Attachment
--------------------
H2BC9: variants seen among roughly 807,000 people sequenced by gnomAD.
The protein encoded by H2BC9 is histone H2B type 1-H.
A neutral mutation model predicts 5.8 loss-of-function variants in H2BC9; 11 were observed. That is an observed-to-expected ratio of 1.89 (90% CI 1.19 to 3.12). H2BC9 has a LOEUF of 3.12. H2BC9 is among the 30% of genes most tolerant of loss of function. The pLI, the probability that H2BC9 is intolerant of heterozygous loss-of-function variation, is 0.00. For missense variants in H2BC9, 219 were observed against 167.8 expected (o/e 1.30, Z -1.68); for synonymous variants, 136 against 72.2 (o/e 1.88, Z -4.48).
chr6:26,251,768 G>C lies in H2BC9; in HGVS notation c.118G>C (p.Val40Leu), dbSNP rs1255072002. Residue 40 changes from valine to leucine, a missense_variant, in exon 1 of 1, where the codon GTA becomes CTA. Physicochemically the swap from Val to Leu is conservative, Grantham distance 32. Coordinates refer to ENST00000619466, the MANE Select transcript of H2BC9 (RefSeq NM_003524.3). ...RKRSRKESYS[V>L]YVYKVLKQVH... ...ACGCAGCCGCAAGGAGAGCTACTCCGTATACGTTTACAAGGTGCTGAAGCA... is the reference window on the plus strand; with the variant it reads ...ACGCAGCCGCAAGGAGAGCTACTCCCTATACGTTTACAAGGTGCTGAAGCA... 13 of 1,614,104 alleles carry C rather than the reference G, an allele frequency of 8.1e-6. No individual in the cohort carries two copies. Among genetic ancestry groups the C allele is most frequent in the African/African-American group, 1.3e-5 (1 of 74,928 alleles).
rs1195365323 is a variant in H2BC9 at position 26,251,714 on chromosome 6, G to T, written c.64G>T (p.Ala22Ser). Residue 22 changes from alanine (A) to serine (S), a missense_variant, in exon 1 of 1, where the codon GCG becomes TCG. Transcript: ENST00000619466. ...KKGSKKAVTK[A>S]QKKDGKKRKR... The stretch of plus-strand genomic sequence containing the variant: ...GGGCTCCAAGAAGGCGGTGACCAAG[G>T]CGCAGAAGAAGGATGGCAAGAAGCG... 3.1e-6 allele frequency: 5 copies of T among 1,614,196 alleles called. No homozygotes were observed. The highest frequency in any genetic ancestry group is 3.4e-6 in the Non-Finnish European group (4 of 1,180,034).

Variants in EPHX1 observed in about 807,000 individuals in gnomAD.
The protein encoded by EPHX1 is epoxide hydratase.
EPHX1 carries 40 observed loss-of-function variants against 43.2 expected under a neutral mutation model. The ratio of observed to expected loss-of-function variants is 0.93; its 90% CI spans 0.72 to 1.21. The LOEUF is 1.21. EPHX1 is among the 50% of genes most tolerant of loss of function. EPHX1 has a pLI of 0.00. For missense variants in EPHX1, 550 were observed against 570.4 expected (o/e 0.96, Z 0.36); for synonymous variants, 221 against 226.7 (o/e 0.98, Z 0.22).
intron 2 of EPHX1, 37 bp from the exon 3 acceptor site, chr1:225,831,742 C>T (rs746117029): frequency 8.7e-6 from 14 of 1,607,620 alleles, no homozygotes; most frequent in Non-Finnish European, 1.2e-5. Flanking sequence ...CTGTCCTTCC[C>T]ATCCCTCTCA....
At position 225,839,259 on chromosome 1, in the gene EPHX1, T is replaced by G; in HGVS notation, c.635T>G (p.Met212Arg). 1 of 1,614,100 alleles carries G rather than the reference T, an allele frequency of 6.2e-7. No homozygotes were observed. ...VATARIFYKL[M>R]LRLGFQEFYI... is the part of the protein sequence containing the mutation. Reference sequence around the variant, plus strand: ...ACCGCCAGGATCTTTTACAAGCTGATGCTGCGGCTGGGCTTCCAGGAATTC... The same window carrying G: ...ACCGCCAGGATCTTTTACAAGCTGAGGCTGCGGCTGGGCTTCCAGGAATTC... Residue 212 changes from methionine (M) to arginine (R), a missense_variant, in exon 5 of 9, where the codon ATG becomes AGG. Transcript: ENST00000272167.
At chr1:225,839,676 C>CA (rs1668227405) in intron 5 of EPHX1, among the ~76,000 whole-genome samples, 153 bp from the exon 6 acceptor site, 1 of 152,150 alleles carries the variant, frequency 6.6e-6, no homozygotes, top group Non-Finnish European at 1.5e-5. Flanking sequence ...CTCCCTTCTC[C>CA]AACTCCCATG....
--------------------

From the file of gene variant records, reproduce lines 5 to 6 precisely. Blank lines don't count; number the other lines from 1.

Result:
rs1195365323 is a variant in H2BC9 at position 26,251,714 on chromosome 6, G to T, written c.64G>T (p.Ala22Ser). Residue 22 changes from alanine (A) to serine (S), a missense_variant, in exon 1 of 1, where the codon GCG becomes TCG. Transcript: ENST00000619466. ...KKGSKKAVTK[A>S]QKKDGKKRKR... The stretch of plus-strand genomic sequence containing the variant: ...GGGCTCCAAGAAGGCGGTGACCAAG[G>T]CGCAGAAGAAGGATGGCAAGAAGCG... 3.1e-6 allele frequency: 5 copies of T among 1,614,196 alleles called. No homozygotes were observed. The highest frequency in any genetic ancestry group is 3.4e-6 in the Non-Finnish European group (4 of 1,180,034).

Variants in EPHX1 observed in about 807,000 individuals in gnomAD.